Everything to know about Qualified Opportunity Zones in the United States
So… what exactly is an Opportunity Zone?
Opportunity Zones are economically-distressed communities where new investments, under specific conditions, might be eligible for preferential tax treatment. Districts are eligible to be Opportunity Zones if they have been submitted for that classification by the state and that submission has been certified by the Secretary of the U.S. Treasury via his delegation of authority to the Internal Revenue Service.
What is the purpose of Opportunity Zones?
Opportunity Zones serve as an economic development tool. Furthermore, they are modeled to stimulate economic development and higher the job rate in distressed communities.
Have Opportunity Zones been around for a long time?
No, they were added to the tax code by the Tax Cuts and Jobs Act on December 22, 2017. The first set of Opportunity Zones, covering sections of 18 states, were selected on April 9, 2018. Opportunity Zones have now been appointed covering sections of all 50 states, five U.S. territories and the District of Columbia.
What is a Qualified Opportunity Fund?
A Qualified Opportunity Fund (QOF) is an investment vehicle that is designed as either a partnership or corporation for investing in qualified property that is in a Qualified Opportunity Zone.
How do Opportunity Zones stimulate economic development?
They are designed to boost economic development by providing tax benefits to investors. First off, investors can postpone tax on any prior gains invested in a Qualified Opportunity Fund (QOF) until the earlier of the date on which the investment in a QOF is sold or exchanged, or December 31, 2026. If the QOF investment is held for more than 5 years, there is a 10% exclusion of the postponed gain. If held for longer than 7 years, the 10% becomes 15%. Next, if the investor holds the investment in the Opportunity Fund for at least ten years, the investor is qualified for growth in basis of the QOF investment equal to its fair market value on the date that the QOF investment is sold or exchanged.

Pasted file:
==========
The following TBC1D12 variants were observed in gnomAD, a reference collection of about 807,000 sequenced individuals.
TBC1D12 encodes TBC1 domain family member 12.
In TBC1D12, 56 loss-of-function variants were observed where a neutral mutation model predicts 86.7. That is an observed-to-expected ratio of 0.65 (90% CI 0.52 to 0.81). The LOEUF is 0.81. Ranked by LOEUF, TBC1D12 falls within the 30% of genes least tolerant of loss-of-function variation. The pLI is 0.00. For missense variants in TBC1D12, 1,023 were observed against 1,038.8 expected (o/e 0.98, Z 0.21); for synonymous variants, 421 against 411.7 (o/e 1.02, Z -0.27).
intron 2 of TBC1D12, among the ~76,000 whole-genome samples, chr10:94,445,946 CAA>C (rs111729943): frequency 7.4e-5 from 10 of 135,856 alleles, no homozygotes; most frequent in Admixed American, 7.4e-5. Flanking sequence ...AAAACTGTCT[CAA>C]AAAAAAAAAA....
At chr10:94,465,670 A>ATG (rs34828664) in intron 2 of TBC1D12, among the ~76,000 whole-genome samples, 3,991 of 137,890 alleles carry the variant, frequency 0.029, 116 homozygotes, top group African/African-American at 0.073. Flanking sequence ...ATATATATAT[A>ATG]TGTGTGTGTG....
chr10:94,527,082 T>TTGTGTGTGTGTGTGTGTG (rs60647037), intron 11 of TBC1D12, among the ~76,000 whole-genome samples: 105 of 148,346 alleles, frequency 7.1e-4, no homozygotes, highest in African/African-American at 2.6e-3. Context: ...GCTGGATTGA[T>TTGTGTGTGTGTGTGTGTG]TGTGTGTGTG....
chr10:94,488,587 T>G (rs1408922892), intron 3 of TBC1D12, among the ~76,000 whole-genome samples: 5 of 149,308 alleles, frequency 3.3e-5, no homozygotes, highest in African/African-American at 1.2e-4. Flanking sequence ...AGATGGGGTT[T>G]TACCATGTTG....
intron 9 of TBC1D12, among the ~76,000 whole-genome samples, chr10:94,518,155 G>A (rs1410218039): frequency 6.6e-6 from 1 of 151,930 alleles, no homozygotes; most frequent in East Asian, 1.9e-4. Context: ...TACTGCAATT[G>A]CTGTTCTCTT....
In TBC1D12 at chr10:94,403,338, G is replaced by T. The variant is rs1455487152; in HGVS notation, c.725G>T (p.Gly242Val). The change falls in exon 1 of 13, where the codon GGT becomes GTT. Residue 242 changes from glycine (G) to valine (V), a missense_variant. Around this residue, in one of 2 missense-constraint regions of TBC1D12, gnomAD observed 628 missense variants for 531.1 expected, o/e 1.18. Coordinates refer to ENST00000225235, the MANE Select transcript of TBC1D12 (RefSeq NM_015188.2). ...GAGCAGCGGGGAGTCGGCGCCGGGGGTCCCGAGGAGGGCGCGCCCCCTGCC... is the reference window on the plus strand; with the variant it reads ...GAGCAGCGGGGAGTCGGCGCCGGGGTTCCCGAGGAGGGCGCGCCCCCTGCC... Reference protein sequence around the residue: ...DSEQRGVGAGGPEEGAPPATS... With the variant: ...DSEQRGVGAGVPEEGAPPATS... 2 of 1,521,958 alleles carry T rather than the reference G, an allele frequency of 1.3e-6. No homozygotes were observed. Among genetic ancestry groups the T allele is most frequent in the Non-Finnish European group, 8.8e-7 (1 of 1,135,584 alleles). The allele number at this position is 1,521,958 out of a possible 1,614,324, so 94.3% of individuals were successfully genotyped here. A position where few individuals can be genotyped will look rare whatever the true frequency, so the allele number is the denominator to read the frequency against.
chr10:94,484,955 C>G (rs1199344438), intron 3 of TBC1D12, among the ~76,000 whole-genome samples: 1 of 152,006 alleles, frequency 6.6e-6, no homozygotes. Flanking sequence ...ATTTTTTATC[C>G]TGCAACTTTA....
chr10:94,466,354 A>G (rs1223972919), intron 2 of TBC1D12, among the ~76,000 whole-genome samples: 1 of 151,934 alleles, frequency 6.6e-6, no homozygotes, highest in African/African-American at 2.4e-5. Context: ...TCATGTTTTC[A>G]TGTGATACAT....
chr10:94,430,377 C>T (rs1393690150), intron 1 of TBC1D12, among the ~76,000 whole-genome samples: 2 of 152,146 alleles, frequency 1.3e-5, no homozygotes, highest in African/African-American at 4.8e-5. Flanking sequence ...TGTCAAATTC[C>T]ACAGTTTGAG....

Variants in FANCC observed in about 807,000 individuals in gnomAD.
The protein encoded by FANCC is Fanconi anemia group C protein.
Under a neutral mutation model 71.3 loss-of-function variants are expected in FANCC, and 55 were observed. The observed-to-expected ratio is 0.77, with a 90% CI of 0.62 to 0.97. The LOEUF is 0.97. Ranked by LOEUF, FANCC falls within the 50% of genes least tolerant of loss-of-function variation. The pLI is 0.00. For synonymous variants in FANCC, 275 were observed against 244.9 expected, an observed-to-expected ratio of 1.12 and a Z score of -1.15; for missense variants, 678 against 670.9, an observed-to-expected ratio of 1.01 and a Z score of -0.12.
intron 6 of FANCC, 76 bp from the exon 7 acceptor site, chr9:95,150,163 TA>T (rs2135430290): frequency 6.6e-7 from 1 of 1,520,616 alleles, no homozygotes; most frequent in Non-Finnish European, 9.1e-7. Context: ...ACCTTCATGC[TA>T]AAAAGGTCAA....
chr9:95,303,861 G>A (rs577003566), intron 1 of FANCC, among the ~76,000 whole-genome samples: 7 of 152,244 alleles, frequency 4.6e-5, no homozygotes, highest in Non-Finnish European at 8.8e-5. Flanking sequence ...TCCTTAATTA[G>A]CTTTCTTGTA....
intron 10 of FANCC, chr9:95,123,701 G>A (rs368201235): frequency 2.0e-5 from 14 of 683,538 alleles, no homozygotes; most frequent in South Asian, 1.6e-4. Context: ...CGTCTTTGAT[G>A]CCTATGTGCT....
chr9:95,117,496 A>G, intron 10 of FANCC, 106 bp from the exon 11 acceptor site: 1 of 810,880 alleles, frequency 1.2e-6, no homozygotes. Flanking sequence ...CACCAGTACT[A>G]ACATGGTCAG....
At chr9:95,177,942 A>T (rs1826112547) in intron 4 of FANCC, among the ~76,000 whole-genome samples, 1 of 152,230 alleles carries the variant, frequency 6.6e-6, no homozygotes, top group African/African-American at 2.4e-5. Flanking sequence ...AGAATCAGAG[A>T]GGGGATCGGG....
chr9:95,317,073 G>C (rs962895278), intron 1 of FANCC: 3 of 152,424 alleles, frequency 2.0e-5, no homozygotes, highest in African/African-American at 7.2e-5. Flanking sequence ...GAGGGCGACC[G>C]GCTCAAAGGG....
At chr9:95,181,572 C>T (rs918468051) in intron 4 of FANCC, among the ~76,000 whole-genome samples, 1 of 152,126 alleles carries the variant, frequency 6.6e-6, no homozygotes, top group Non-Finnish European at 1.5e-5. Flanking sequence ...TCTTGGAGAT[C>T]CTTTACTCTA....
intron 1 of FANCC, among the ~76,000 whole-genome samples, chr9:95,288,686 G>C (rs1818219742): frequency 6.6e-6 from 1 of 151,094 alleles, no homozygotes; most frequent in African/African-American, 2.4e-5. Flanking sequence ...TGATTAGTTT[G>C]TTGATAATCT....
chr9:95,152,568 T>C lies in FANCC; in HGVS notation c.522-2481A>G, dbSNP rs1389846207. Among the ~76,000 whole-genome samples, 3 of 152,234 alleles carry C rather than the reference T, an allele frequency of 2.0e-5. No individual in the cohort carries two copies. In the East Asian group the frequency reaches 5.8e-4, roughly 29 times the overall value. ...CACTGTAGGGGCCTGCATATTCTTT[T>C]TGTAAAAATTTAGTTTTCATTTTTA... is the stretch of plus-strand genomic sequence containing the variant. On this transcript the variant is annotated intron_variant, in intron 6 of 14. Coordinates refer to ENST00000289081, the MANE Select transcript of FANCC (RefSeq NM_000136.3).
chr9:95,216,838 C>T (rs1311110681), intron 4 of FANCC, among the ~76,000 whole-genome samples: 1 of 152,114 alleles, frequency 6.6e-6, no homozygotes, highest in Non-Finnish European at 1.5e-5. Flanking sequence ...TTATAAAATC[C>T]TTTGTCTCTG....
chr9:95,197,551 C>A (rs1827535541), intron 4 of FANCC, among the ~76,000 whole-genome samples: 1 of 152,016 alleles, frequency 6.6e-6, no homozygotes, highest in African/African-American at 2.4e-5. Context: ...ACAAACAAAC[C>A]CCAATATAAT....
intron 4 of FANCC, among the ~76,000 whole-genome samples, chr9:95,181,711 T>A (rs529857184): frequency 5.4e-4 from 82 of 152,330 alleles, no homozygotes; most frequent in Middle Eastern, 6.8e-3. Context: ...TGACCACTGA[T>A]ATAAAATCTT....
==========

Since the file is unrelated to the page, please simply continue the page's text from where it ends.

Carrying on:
Do I have to live in an Opportunity Zone to gain the tax benefits?
The answer is no. You may get the tax benefits, even if you don’t work, live or have a business in an Opportunity Zone. You just need to invest a recognized gain in a Qualified Opportunity Fund and elect to defer the tax on that gain.
Is there a list of Opportunity Zones obtainable?
Definitely. This list can be found at Opportunity Zones Resources and in the Federal Register at IRB Notice 2018-48. In addition, a visual map of the census tracts designated as Qualified Opportunity Zones can be found at Opportunity Zones Resources.
I want to form a Qualified Opportunity Fund. Can I access a list of Opportunity Zones available in which the Fund can invest?
Yes, this list can be found at Notice 2018-48.
Is it possible for a limited liability company (LLC) to be an Opportunity Fund?
Absolutely. A LLC that decides to be treated as a partnership or corporation for federal tax purposes can classify as a Qualified Opportunity Fund.
How does a partnership or corporation get certified as a Qualified Opportunity Fund?
An eligible partnership or corporation self-certifies by filing Form 8996, Qualified Opportunity Fund, with its federal income tax return. Early-release drafts of the form and instructions are posted, with final versions due in December. The return with Form 8996 has to be filed timely, taking extensions into consideration.
How can I get more information about Opportunity Zones?
Check out this article for more details on Opportunity Zones.
The Treasury Department and the Internal Revenue Service will be giving more details, including further legal guidance, on this new tax benefit.